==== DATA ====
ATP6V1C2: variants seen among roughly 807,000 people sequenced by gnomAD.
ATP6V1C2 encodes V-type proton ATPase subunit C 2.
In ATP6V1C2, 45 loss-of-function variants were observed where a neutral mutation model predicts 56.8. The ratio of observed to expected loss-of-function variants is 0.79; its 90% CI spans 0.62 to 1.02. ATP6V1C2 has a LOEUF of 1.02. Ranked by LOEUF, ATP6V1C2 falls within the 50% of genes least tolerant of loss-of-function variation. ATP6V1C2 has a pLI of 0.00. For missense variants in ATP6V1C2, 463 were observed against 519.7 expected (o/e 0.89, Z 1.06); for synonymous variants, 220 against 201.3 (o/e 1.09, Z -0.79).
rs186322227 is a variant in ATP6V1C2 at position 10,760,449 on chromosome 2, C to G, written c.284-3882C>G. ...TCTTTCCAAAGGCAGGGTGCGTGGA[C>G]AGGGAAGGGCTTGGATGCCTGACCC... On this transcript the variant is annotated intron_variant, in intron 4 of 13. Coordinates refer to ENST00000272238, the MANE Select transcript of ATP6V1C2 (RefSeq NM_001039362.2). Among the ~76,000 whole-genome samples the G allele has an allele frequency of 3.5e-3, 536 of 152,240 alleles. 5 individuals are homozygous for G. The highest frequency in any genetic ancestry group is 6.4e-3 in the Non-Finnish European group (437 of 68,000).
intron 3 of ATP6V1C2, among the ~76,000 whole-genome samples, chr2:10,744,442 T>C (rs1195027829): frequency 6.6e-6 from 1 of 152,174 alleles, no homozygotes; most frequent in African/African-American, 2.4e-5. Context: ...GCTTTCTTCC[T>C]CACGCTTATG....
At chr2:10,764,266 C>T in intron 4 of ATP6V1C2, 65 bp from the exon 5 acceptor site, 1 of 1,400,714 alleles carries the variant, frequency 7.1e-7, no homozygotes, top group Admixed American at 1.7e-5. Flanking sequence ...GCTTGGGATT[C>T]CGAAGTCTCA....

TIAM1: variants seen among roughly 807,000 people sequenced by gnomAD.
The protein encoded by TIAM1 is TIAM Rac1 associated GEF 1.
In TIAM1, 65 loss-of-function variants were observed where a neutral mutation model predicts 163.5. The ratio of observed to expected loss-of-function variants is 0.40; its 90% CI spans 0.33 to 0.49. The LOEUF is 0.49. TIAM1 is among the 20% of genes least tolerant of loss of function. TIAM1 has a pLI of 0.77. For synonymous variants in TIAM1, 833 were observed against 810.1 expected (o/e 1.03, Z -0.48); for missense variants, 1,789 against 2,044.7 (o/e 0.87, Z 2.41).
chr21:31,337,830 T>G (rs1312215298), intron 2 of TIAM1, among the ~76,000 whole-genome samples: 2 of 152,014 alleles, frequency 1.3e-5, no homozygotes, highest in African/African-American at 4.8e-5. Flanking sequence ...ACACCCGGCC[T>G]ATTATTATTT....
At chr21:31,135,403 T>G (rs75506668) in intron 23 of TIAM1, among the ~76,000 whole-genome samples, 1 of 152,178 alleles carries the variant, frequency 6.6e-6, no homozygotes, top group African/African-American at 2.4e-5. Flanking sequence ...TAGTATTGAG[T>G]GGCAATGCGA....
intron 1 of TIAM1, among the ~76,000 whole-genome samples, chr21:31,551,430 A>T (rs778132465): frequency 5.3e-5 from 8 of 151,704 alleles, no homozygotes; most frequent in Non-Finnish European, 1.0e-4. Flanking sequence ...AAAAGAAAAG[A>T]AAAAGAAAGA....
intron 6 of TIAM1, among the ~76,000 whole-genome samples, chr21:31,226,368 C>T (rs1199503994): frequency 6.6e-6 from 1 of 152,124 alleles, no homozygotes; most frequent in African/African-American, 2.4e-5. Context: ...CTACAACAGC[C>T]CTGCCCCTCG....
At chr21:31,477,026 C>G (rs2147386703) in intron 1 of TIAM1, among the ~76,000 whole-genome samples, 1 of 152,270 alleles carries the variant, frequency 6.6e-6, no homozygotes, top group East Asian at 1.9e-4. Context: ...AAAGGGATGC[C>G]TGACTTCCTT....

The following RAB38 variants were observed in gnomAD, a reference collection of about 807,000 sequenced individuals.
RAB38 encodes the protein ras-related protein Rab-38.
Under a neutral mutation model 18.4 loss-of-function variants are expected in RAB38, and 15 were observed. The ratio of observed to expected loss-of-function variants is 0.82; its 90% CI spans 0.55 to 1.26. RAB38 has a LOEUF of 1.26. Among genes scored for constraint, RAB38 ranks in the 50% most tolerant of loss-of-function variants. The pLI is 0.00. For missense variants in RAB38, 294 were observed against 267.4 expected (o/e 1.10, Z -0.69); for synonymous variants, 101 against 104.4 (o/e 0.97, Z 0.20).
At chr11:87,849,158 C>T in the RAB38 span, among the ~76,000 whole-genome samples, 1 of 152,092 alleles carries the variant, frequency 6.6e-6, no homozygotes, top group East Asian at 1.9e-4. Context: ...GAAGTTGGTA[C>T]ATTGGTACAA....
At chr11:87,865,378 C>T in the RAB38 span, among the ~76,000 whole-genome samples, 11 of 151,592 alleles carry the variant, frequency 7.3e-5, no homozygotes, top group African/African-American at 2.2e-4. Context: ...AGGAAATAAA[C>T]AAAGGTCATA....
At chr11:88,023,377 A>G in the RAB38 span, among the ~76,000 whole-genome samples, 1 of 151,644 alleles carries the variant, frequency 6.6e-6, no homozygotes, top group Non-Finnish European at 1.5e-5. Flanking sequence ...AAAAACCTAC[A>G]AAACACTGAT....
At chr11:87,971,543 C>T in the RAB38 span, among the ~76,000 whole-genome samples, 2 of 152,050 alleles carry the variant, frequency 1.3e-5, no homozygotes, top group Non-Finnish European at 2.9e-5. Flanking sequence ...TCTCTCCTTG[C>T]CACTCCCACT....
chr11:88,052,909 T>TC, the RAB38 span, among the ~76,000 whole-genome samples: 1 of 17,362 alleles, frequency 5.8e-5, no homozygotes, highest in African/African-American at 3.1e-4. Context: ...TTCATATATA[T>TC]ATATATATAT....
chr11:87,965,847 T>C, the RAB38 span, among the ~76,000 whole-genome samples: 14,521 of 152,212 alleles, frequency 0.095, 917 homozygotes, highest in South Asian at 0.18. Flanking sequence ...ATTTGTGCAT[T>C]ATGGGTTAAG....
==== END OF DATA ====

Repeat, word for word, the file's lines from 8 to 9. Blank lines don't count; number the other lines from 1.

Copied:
The protein encoded by TIAM1 is TIAM Rac1 associated GEF 1.
In TIAM1, 65 loss-of-function variants were observed where a neutral mutation model predicts 163.5. The ratio of observed to expected loss-of-function variants is 0.40; its 90% CI spans 0.33 to 0.49. The LOEUF is 0.49. TIAM1 is among the 20% of genes least tolerant of loss of function. TIAM1 has a pLI of 0.77. For synonymous variants in TIAM1, 833 were observed against 810.1 expected (o/e 1.03, Z -0.48); for missense variants, 1,789 against 2,044.7 (o/e 0.87, Z 2.41).